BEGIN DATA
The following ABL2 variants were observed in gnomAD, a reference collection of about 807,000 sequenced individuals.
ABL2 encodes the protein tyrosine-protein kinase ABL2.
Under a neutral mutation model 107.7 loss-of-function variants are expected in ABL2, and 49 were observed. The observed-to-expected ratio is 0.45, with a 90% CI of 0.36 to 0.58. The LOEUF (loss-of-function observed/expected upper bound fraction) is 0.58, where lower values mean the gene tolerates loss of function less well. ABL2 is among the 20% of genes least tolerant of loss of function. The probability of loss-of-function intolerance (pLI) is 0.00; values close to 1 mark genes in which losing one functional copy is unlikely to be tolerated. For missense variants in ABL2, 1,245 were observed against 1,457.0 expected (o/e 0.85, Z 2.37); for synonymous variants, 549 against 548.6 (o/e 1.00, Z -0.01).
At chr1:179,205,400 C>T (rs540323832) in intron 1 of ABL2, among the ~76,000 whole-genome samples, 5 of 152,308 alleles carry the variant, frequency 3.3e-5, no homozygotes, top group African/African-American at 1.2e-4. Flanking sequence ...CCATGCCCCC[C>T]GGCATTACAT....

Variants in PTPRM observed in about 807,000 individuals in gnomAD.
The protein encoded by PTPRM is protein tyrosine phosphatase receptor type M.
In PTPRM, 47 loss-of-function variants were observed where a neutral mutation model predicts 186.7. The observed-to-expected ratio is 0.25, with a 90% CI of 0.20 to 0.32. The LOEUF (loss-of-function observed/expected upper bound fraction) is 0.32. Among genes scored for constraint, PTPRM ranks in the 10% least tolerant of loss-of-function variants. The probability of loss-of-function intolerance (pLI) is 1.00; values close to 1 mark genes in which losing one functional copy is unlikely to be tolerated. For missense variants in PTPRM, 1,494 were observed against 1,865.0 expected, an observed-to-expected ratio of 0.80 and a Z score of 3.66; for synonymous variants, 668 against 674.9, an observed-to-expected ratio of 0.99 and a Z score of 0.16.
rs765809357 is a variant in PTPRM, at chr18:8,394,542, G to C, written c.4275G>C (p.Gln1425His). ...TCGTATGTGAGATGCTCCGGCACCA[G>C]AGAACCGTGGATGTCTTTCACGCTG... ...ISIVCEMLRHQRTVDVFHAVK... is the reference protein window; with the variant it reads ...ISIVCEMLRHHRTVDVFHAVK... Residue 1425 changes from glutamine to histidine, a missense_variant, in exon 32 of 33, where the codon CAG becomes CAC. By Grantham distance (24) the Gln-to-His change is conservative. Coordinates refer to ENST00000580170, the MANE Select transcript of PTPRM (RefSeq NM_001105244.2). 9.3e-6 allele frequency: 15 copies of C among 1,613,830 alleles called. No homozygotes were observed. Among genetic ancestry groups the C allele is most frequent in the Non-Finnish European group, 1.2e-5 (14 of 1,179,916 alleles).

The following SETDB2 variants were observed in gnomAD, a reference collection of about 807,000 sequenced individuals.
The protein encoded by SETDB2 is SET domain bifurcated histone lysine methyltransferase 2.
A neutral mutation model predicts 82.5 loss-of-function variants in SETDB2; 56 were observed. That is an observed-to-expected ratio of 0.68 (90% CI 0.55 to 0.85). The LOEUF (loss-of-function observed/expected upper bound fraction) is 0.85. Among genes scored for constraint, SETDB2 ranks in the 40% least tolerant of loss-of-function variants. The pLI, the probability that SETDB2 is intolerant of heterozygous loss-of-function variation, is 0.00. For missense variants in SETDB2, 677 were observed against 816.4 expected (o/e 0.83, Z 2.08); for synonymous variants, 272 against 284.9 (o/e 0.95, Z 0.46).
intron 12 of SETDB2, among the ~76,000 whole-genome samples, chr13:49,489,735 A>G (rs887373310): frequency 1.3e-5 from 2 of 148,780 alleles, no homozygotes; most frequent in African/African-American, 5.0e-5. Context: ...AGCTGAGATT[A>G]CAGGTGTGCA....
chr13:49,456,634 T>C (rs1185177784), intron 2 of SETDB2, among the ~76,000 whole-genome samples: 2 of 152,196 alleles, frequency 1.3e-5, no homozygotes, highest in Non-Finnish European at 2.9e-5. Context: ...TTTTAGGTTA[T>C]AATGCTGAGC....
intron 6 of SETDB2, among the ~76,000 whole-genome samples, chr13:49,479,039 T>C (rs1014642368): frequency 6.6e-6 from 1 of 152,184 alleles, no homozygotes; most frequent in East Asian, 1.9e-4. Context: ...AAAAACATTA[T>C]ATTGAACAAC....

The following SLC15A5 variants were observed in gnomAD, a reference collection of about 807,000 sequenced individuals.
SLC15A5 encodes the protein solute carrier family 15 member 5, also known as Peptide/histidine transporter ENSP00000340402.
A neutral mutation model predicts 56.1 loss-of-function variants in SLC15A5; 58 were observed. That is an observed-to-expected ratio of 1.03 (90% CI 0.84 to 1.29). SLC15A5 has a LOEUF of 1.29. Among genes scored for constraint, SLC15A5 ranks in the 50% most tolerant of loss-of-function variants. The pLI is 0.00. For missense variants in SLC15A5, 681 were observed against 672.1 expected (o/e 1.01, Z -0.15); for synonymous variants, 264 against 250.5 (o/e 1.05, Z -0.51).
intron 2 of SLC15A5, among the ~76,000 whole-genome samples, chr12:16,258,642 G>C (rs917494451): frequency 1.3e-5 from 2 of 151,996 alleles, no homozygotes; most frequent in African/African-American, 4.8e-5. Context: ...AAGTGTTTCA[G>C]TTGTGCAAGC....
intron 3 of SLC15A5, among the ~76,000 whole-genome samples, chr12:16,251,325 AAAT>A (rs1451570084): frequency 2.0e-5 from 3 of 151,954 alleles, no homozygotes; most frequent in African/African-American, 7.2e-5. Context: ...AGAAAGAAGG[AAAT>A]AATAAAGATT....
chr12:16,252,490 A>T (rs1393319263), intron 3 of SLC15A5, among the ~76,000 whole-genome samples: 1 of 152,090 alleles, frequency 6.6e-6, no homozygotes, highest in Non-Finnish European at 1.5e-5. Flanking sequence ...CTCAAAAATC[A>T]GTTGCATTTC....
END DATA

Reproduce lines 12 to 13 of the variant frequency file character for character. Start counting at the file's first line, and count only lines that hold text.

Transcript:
intron 12 of SETDB2, among the ~76,000 whole-genome samples, chr13:49,489,735 A>G (rs887373310): frequency 1.3e-5 from 2 of 148,780 alleles, no homozygotes; most frequent in African/African-American, 5.0e-5. Context: ...AGCTGAGATT[A>G]CAGGTGTGCA....
chr13:49,456,634 T>C (rs1185177784), intron 2 of SETDB2, among the ~76,000 whole-genome samples: 2 of 152,196 alleles, frequency 1.3e-5, no homozygotes, highest in Non-Finnish European at 2.9e-5. Context: ...TTTTAGGTTA[T>C]AATGCTGAGC....